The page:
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Fashion: The Next Election Frontier

June 26, 2015

By Maja Thomas ’17

Campaign television advertisements first emerged in the 1952 presidential election with Eisenhower’s Ike for President ad. Over the following six decades the medium has been expanded and constitutes a major recruiting and advertising opportunity for candidates. Now it seems another medium for recruiting voters has found its way into the political medium: apparel. Apparel has certainly been sold in past elections, and the wide array of campaign-related merchandise was made exceedingly popular in during the 2008 presidential election. However, in the run-up to the 2016 presidential election, there has been a significant expansion of merchandise stores and their incorporation directly into candidate’s websites.

The stores show marketing preference towards key demographics the candidates hope to attain. Hillary Clinton’s store is composed of stylish apparel marketed specifically towards younger voters, a demographic she failed to attract during the 2008 primary while running against President Obama. She shows her support for the LGBTQ community as well as women voters, including a “pride” section of her store and a throw pillow stitched with “a woman’s place is in the White House.” Bernie Sanders also vends pride-themed bumper stickers, though has less expansive and sophisticated apparel than his opponent. Marco Rubio’s store features a selection of “Marco Polos,” a quirky pun on his name that seems to be marketed towards the higher-income individuals that constitute a key component of the demographic make-up of the Tea Party, which helped him gain his seat in the Senate. Ted Cruz, another Tea Party favorite, also has various polo shirts, coffee mugs, and a sleek new logo. Rand Paul has an entire section of anti-Hillary gear in his shop, as well as a “Don’t Drone me, Bro!” shirt, marketed towards younger voters (a strategy shared by his possible Democratic opponent Hillary Clinton). Paul has other “fun” apparel, including an oversized birthday card, a beer stein, and a corn hole game. Huckabee’s store is filled with “I Like Mike” gear, a nod to Eisenhower’s branding despite their ideological differences. The store of Rick Perry includes select merchandise, mainly baseball caps and a single t-shirt, with a logo reminiscent of an all-American baseball team.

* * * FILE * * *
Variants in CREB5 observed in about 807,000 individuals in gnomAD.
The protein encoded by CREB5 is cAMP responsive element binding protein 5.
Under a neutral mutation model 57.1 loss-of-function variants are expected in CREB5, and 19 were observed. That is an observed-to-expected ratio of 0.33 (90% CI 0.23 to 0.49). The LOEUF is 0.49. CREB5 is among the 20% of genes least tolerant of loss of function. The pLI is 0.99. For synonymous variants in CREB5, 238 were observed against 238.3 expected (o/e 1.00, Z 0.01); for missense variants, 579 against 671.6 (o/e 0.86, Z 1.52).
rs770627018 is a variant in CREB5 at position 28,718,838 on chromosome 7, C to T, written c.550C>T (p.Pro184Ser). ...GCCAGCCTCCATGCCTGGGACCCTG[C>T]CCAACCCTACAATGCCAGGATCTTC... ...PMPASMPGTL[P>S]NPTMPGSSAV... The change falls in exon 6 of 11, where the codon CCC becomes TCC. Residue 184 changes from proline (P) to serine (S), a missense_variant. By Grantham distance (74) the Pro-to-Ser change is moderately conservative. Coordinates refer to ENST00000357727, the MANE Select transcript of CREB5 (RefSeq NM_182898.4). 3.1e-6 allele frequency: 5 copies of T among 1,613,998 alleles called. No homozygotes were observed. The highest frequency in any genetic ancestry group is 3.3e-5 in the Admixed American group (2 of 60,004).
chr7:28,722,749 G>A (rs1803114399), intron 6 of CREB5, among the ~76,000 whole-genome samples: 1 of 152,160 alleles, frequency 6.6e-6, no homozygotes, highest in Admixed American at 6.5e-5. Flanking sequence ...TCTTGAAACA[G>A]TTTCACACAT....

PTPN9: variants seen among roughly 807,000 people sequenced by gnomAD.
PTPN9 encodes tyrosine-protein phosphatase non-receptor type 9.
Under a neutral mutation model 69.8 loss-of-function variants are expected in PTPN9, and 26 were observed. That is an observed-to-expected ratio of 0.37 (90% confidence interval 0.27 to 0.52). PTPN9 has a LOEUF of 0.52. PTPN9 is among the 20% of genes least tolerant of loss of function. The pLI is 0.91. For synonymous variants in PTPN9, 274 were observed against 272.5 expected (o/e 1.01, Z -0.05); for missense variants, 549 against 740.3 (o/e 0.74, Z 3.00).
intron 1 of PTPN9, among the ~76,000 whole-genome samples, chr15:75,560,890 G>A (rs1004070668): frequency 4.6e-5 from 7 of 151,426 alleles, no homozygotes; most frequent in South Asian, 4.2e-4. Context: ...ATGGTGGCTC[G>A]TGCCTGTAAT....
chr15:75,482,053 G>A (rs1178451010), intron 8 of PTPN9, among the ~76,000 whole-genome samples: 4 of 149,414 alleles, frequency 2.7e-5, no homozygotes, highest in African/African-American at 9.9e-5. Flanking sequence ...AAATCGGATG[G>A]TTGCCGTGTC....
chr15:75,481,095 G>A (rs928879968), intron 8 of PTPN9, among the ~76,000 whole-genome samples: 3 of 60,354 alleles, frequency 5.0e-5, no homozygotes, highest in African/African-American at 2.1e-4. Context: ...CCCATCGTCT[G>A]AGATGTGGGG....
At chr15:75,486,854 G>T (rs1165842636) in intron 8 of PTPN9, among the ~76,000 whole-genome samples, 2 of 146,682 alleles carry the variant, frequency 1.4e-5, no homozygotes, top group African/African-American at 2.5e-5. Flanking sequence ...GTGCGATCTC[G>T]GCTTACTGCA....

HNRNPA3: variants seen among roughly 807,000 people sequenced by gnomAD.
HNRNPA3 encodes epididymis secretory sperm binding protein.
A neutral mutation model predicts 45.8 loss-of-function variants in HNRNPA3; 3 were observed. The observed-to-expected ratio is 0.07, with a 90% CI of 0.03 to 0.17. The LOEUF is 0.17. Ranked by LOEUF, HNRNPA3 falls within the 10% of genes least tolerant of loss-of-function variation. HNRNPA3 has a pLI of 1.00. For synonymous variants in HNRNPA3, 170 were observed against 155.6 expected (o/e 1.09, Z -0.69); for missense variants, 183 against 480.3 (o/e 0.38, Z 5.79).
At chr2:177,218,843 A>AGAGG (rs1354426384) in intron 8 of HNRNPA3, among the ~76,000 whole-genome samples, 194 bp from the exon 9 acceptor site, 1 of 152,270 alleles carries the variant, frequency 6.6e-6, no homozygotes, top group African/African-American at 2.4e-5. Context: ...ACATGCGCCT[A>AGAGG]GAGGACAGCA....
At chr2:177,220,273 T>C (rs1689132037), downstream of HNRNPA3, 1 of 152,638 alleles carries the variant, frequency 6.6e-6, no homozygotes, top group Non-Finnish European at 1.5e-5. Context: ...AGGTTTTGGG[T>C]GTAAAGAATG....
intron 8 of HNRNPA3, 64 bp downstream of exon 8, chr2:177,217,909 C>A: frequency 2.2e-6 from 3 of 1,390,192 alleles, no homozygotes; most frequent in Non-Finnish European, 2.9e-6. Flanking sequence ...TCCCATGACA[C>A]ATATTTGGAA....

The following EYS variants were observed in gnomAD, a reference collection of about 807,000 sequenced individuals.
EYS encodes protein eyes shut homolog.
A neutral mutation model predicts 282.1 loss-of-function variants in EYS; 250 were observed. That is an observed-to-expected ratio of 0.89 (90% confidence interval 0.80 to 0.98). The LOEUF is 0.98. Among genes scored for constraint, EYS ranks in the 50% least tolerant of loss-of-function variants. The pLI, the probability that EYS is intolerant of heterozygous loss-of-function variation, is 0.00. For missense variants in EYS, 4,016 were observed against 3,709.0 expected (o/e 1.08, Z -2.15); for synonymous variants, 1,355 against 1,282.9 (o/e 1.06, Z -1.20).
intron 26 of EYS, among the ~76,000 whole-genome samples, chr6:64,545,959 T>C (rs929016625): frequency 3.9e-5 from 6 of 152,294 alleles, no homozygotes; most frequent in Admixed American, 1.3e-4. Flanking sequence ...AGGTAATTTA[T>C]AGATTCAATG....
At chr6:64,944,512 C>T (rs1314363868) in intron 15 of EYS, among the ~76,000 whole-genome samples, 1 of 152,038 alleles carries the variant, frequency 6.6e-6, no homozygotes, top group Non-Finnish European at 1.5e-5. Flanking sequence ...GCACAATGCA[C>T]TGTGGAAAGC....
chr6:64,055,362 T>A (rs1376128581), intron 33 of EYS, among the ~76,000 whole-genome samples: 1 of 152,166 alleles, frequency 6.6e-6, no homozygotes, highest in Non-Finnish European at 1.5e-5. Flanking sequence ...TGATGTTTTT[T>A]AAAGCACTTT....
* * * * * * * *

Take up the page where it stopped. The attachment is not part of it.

However, not all candidates have immediately jumped on board. Rick Santorum does not currently have his store available, though he had one initially and has said it will reopen shortly. Scott Walker’s is currently under construction, although he has yet to make his candidacy official. Jeb Bush, Ben Carson, Donald Trump, Lindsey Graham, George Pataki, Carly Fiorina, Martin O’Malley, and Lincoln Chafee do not currently have stores associated directly with their campaign webpages. However, merchandise for all presidential hopefuls can be found on various other sites, including Café Press.

Not only does having a store allow supporters to become walking advertisements for their candidate, due to FEC regulations it also allows candidates to extract valuable data. Purchases are treated as donations since candidates are not allowed to make personal profits off of their campaigns. Because individuals are now making donations instead of purchases, the FEC requires additional information including the submission of an employer and occupation. In addition, those that make more than one purchase are alerted to a campaign as a potential volunteer. Furthermore, the choice of retail informs candidates of who their main supporters are. At this point, any intelligence campaigns can obtain is valuable. The more elaborate and sophisticated the selection of merchandise, the more that can be extrapolated from the sales data. Stores owned by Sanders and Perry have limited options besides the traditional stickers and t-shirts, which will not lend itself as particularly helpful in tracking demographics. If the efforts thus far are any indication, it seems that this election cycle will see an increase of products sold, especially as other candidates realize the value in opening their own stores.

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